LGSM’s emergence from within the Labour Party in London is key to understanding why. The CPGB pioneered an open repudiation of class-based politics and an embrace of various forms of identity politics. Its theoretical journal Marxism Today spoke of a “Post-Fordist society” in which Thatcherism was the new “radicalism.” In reality, identity politics was increasingly pervasive within petty-bourgeois left circles and was heavily promoted and funded by the Greater London Council under the leadership of Ken Livingstone.
To some of those involved in LGSM, intervention in the strike was used more as an occasion to raise their own concerns than it was to advance a perspective that met the needs of miners and the working class. One former LGSM member commented, “In the film we’re depicted as good, fluffy people supporting the miners but there was a clear strategy on Mark’s part to align himself with the labour movement in order to get gay politics, sexual liberation, HIV and Aids treatment on to the political agenda.”
Meanwhile, the message delivered by LGSM and its constituent parts was that the miners should place their hopes in a moral appeal to layers of the radical middle class, as opposed to a struggle against the betrayal of the Labour Party and TUC unions. Hywel Francis, another former Stalinist, now a Labour MP, said of the guiding ethos of LGSM, “We sought to broaden the struggle beyond the picket lines to what we called an anti-Thatcher broad democratic alliance.”
Pride’s claim that the LGSM should be celebrated because it broke down ingrained anti-homosexual prejudices is at best an exaggeration and at worst a smear against the vast majority of miners—a section of workers with long and proud socialist traditions. Indeed those involved with Pride have been forced to acknowledge that the depiction of how the group were at first received with suspicion, incomprehension or hostility in Wales, was made up. Goodspeed, for example, has commented, “[T]he antagonism towards us in Dulais has been exaggerated for dramatic effect. The welcome we received was actually even better than in the film, which also downplays the extent to which the original members were actively involved in the organised left.”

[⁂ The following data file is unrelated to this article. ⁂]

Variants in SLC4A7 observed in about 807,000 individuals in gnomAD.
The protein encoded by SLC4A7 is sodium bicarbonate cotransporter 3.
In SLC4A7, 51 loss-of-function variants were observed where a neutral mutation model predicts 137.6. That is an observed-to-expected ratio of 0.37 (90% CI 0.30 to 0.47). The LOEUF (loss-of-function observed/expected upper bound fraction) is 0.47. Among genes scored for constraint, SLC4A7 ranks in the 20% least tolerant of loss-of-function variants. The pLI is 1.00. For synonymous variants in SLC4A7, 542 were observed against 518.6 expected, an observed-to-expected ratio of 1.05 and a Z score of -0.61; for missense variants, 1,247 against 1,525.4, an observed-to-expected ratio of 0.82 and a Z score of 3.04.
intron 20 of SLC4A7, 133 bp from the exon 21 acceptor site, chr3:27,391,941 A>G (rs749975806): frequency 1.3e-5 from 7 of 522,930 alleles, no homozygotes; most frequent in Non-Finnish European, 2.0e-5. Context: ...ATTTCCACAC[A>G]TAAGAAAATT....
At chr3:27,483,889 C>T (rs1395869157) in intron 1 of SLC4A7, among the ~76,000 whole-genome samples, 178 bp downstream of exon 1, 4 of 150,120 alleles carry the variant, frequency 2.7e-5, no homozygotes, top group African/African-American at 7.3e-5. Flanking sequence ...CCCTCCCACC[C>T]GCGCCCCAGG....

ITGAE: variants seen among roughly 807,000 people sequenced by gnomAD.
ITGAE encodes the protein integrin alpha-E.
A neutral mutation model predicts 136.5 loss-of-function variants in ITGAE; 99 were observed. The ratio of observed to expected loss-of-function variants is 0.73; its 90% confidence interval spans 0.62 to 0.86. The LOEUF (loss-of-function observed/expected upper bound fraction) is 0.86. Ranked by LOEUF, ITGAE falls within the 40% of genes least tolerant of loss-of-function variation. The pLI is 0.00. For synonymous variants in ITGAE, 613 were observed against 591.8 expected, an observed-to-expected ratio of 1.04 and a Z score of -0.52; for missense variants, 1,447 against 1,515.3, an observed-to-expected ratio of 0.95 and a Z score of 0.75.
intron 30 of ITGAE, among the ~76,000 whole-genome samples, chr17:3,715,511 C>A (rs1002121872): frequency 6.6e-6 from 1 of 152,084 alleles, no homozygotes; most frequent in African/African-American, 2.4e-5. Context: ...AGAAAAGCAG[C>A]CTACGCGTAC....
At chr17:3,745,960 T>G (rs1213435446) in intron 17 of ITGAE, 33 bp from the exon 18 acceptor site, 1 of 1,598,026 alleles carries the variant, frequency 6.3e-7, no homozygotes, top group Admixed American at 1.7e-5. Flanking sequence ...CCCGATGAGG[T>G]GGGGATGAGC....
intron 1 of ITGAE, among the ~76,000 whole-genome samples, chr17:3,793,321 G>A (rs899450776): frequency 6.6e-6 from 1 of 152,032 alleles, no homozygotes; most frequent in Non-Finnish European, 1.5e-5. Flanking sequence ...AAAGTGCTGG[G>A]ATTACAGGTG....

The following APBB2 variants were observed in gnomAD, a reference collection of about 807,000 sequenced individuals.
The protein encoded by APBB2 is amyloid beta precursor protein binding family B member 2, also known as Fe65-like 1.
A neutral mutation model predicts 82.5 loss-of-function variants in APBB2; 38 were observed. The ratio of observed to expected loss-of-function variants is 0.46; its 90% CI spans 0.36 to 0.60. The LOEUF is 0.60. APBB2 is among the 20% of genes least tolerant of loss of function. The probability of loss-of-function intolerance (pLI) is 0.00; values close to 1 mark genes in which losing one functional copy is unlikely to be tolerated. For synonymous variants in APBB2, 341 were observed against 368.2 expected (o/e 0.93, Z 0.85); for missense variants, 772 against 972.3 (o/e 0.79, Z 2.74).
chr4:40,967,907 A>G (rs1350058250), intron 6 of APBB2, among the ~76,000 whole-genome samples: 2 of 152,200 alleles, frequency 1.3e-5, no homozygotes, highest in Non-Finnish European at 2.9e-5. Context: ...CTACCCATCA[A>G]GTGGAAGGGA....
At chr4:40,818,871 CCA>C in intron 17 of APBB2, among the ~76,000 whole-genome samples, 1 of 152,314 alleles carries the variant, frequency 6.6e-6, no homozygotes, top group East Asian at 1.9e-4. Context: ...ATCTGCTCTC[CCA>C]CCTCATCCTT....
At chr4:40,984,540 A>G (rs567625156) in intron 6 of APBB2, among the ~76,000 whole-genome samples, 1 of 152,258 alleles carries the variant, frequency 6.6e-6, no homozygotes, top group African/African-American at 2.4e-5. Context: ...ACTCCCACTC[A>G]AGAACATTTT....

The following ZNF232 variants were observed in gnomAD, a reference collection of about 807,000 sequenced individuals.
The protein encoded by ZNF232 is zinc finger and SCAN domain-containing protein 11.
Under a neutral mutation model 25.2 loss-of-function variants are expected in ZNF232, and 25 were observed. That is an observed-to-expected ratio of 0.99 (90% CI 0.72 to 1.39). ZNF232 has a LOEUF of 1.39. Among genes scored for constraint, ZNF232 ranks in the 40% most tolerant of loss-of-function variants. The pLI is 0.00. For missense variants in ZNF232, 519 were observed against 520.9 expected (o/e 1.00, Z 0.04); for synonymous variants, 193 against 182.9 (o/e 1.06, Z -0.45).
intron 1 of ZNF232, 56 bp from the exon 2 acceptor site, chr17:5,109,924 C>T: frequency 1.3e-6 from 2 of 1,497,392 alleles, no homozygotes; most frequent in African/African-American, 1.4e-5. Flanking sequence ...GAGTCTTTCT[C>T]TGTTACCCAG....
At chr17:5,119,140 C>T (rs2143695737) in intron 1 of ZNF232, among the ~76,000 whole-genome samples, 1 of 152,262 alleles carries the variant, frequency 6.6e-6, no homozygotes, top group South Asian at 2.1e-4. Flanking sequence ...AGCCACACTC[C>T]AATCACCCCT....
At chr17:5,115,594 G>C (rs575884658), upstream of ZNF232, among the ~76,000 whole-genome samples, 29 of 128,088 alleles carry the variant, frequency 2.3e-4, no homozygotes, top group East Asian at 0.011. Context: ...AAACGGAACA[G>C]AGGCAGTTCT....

The miners went everywhere they could to appeal for support and no one can cite a single significant incident where issues related to race, gender or sexual preference played a negative role. Rather, the miners were proud of the broad support for their cause evidenced by the millions of pounds they collected in donations. The problem was that this still left them at the mercy of a politically rotten leadership and ended in their being starved back to work after a year of heroic sacrifice.
The underlying purpose of Pride is to write an obituary for a supposedly bygone era of the class struggle. In his review of the film, “A donkey jacket and sideburns revolution is no longer possible,” journalist and television commentator Paul Mason, who describes himself as a former “Leftie activist” and who was a member of the Workers Power group, asserts, “While the social upheaval of the 70s and early 80s destroyed working-class identity, it gave birth to a new liberation.”
Mason notes how appalled he was by “the macho, boozy working-class culture that surrounded us” and the “world of repression, pointless hierarchies, sexism, racism and absolutely rampant homophobia.”
He is thankful that this era is over and has led to “the sexually liberated, individualist and networked generation of today… The social laboratory of the self is open for business and nothing’s going to shut it down.”
Overall, Pride leaves behind a sour taste. It seems almost indifferent to the eventual defeat of the miners’ strike, ending as it does by depicting a celebratory 1985 Gay Pride march in London.
Indeed, in a recent interview, Pride screenwriter Stephen Beresford commented, “[W]e’ve got full equality under the law which is what everybody fought for, so we are in a much, much better place. It’s easy to say gay men should be more political but in a way, what everyone has been fighting for is for them to be less political, because what we want is a world where being gay is totally unremarkable. And when a Conservative prime minister flies a rainbow flag over the cabinet office on the day equal marriage is made law, that is an extraordinary thing to be happening.”
Hardly any comment is required in response to such a selfish and complacent outlook. It cannot possibly produce a work that deeply resonates with the millions of working people who are even now under attack by Thatcher’s heirs with the ongoing connivance of the Labour Party and the trade unions.